Georgia Soccer follows U.S. Soccer Recognize to Recover Program guidelines for playing in heat.
These guidelines use a Wet Bulb Globe Temperature (WBGT) reading; for example, a WBGT reading of 92 degrees is somewhat comparable to a Heat Index reading of 104 to 105 degrees.
To assist coaches and athletes in this, RECOGNIZE to RECOVER created an easy reference guide The guidelines are intended to help evaluate situations to prevent heat-related illness before it begins. The three-step Heat Guidelines include methods for evaluating danger levels and appropriate responses to those various levels
For practice in Georgia, when the WBGT is 92 degrees or above, training/practice should be suspended until it is cooler.
For games in Georgia, when the WBGT is 92 degrees or above, water breaks of 4 minutes should be provided for every 30 minutes of play. If the conditions are hotter, or if the game is on artificial turf, two water breaks per half may be necessary.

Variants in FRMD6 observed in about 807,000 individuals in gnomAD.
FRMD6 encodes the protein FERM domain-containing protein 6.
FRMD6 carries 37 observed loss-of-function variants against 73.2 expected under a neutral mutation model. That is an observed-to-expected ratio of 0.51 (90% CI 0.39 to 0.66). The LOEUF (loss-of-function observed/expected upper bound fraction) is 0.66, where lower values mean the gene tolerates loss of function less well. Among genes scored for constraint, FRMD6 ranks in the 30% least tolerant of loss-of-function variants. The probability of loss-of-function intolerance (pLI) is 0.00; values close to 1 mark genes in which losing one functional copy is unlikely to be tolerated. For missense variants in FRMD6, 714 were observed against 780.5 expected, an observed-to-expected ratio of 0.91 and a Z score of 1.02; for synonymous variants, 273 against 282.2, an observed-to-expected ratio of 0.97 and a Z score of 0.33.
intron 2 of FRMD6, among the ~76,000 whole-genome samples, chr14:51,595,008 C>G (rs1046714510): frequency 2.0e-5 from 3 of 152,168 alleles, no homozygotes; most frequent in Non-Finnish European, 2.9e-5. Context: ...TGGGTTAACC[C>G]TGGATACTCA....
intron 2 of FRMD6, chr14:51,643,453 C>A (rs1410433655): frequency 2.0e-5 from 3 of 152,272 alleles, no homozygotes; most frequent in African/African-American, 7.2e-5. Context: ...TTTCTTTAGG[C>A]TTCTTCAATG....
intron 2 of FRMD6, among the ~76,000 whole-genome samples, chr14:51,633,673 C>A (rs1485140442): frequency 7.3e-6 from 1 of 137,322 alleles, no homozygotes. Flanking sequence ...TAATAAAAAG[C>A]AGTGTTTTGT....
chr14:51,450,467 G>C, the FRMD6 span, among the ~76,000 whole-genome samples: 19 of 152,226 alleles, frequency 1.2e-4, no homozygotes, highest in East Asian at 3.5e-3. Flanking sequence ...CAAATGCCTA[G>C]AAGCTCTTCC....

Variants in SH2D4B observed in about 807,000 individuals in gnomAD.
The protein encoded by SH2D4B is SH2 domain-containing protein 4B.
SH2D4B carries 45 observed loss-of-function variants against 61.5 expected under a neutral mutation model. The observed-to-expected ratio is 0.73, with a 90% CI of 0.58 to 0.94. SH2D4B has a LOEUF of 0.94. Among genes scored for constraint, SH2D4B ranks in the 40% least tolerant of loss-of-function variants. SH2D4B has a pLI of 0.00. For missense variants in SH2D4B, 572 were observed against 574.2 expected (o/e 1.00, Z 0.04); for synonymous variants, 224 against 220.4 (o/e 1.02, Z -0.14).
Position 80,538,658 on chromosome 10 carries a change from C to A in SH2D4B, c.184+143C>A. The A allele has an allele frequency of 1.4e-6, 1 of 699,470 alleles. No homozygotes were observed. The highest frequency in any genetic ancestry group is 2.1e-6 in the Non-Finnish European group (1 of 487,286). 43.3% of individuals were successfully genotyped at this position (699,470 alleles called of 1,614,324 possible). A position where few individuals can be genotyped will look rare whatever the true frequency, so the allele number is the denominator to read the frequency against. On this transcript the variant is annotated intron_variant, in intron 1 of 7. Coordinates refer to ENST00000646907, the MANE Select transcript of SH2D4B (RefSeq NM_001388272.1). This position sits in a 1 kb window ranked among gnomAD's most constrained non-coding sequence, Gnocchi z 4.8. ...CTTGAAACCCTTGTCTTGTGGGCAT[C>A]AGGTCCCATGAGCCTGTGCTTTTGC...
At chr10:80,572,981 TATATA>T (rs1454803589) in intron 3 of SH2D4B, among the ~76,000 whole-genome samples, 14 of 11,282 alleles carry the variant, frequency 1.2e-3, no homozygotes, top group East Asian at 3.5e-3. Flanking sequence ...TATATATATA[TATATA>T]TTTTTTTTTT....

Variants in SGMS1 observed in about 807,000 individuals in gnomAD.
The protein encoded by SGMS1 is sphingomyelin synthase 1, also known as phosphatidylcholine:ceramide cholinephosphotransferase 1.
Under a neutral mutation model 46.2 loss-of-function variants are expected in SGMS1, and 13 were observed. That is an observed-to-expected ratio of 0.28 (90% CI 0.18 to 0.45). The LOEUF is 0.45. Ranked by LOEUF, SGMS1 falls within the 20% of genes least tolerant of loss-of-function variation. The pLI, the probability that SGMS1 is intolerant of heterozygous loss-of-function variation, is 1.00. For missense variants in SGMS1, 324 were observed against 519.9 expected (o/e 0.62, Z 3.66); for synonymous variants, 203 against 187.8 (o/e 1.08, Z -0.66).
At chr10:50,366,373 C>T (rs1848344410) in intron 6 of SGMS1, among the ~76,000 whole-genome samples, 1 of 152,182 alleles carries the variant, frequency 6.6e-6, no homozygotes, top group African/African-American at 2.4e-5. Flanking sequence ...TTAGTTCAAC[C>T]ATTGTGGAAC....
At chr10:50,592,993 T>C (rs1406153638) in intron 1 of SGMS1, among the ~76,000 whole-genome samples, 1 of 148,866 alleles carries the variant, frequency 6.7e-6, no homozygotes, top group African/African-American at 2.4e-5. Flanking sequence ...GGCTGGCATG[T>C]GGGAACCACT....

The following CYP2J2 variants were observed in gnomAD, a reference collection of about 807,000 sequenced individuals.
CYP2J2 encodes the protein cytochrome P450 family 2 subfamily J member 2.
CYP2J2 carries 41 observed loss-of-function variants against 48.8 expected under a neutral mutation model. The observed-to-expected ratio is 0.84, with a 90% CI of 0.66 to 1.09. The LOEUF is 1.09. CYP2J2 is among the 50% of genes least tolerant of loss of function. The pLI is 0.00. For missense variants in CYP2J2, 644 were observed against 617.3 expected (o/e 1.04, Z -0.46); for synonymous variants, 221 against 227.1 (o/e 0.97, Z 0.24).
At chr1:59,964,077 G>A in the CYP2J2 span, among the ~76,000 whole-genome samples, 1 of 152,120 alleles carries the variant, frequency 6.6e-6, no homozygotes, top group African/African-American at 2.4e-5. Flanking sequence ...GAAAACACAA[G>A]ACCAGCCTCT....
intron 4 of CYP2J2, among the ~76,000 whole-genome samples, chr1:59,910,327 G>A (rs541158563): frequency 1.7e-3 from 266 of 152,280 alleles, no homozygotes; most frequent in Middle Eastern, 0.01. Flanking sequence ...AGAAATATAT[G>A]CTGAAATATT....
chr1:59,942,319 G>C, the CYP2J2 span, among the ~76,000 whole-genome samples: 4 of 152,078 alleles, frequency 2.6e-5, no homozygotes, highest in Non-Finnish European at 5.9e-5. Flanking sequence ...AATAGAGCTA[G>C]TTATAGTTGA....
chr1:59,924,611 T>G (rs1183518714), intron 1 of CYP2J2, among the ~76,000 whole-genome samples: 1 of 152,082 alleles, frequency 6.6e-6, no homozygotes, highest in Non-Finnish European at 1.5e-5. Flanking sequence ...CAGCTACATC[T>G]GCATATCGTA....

There are enough built-in opportunities for players to get rest and hydration breaks during the course of a game; not everyone on the team is intensely-participating at one time. Officials and coaches are available to monitor 22 players or less in a game setting, while coaches may have 100 or more players to monitor during a practice setting. Club administrators and tournament officials are responsible for monitoring the WBGT and keeping the participating teams and game officials informed of the heat index. Coaches are encouraged to also monitor the conditions.
Typically, in the run-up to a game or practice, the club or organization makes the judgment call. Once players arrive and the game is underway, the officials on the field have the decision authority. This would be referees (who typically will consult with the coaches), or coaches if the event is a practice or other gathering.